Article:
Investors dumped gold funds at the fastest pace in two years in favor of equities, compounding a slump that has wiped $560 billion from the value of central-bank reserves.
Gold funds suffered net outflows of $11.2 billion this year through April 10, the most since 2011, while global and U.S. equity funds had net inflows of $21.25 billion, according to EPFR Global.
Central banks are among the biggest losers because they own 31,694.8 metric tons, or 19 percent of all the gold mined, according to the World Gold Council in London.
“There’s a perception that risk has been lessened, and with that, investors are looking for assets that either generate income or have growth potential, neither of which gold has,” Anthony Valeri, a market strategist with LPL Financial, which oversees $350 billion. “We’ve seen a grab for yield, and without a yield, gold has been left out.”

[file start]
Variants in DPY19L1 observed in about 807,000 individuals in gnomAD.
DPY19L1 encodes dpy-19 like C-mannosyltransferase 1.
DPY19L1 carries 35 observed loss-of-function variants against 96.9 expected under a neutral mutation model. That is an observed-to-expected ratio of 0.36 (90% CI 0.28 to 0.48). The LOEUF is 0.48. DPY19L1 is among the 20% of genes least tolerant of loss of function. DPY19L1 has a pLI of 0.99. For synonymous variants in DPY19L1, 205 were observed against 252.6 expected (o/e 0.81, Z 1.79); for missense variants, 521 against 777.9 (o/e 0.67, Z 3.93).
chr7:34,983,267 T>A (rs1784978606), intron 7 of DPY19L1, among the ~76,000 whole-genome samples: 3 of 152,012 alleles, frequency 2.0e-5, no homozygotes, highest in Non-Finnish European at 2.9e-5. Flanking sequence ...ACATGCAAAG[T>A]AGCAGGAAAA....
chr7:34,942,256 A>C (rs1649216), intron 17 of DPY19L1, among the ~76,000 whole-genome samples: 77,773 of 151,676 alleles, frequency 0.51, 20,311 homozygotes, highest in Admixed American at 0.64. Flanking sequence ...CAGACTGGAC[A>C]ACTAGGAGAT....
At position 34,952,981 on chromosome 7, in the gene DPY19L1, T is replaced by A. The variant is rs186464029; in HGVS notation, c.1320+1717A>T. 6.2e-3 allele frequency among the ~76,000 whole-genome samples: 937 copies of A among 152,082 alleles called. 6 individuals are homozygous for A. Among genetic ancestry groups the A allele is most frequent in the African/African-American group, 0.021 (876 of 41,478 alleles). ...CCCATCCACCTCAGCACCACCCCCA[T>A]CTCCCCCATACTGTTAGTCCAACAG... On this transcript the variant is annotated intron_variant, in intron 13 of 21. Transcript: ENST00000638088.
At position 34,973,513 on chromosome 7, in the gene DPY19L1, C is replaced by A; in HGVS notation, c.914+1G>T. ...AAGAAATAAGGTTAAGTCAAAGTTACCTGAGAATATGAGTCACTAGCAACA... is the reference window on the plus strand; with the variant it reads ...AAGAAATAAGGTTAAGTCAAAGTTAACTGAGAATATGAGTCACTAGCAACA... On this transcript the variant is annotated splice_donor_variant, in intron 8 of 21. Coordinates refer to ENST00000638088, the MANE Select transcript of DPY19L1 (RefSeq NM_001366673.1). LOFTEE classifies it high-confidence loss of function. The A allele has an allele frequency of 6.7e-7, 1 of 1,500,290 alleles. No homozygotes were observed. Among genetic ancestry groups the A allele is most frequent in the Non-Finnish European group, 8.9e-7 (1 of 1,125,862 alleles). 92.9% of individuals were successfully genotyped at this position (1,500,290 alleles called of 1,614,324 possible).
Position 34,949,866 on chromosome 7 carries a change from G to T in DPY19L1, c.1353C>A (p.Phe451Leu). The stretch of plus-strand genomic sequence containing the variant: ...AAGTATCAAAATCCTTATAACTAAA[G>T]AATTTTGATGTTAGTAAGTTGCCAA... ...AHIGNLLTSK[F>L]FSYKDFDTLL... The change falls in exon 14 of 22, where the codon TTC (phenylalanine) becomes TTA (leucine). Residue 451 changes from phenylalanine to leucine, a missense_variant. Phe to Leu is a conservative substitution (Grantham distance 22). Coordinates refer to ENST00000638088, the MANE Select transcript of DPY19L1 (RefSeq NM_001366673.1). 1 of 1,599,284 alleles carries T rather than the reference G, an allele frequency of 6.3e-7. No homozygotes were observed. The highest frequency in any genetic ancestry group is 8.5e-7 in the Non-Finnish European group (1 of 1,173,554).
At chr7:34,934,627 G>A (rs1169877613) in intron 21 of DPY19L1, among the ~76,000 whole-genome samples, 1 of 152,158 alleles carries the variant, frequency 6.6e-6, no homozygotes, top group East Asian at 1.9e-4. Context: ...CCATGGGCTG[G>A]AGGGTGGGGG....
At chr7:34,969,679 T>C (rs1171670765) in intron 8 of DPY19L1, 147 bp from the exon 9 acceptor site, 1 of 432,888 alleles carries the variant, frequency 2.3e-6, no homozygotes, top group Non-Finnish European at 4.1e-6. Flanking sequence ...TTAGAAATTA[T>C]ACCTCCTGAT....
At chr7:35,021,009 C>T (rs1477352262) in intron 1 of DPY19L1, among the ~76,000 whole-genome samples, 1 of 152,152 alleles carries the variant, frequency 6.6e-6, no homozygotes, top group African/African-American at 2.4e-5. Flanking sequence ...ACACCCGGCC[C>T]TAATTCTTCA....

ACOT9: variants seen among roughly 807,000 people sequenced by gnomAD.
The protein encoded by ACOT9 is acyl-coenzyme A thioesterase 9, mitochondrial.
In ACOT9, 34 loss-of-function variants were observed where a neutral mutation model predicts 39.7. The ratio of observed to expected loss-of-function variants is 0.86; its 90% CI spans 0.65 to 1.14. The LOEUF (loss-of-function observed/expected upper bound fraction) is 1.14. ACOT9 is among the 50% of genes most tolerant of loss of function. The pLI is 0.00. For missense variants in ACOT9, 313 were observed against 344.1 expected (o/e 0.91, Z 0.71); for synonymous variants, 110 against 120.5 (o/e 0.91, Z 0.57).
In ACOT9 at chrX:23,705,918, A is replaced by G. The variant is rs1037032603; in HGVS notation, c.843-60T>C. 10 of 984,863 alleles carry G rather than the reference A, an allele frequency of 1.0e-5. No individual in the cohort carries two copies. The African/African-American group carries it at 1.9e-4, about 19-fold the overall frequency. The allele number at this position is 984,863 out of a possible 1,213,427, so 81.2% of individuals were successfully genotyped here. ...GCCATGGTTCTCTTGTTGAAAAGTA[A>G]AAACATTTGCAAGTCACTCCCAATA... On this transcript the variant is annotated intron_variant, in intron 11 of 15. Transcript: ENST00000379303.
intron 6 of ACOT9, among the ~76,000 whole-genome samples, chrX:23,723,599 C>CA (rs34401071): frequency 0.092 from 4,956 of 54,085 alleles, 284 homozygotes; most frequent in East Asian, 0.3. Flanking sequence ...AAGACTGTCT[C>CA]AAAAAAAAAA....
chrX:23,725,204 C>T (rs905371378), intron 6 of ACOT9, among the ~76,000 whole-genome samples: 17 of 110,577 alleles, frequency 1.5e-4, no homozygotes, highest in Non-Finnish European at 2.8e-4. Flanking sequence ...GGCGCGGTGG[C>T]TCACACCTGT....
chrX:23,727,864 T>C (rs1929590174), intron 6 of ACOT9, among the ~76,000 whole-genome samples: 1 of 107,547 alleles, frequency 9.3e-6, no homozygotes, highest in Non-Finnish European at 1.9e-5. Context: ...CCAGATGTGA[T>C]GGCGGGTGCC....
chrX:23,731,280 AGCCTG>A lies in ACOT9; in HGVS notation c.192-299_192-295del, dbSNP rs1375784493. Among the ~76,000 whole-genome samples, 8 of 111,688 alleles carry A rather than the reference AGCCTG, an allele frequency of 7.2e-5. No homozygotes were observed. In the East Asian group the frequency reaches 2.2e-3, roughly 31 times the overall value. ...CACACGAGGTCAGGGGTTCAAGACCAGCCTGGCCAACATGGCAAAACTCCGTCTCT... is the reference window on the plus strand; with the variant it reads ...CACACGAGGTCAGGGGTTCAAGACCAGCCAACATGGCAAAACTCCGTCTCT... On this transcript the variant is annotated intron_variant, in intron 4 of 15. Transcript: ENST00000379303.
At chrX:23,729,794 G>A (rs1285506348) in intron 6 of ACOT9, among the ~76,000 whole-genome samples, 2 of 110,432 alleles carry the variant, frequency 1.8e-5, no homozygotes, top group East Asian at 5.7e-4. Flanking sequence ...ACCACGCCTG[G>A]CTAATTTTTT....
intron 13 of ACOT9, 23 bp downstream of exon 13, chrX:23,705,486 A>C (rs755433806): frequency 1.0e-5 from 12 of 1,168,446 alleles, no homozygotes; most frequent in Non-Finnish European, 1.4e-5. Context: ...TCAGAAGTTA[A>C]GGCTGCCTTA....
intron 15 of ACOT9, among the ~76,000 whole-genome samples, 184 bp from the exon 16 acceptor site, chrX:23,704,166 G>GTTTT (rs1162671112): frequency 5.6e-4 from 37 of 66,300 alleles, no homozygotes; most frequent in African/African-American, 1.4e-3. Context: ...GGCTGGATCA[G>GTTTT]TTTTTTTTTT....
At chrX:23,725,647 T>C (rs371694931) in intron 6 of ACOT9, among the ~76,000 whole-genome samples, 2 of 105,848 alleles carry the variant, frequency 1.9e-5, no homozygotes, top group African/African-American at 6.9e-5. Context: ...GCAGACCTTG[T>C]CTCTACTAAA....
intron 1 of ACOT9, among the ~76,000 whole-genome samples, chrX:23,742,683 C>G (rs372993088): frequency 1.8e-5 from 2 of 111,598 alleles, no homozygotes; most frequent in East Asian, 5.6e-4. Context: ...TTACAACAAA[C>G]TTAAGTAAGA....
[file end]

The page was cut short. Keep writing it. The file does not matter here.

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The metal’s appeal as a hedge against inflation has been eroded partly by the slowing rise in consumer prices even after five years of government stimulus.
The cost of living in the U.S. fell 0.2 percent in March, the first drop in four months, Labor Department data released this past week showed. Inflation expectations as measured by the break-even rate for five-year Treasury Inflation Protected Securities (TIPS) reached the lowest since Jan. 2.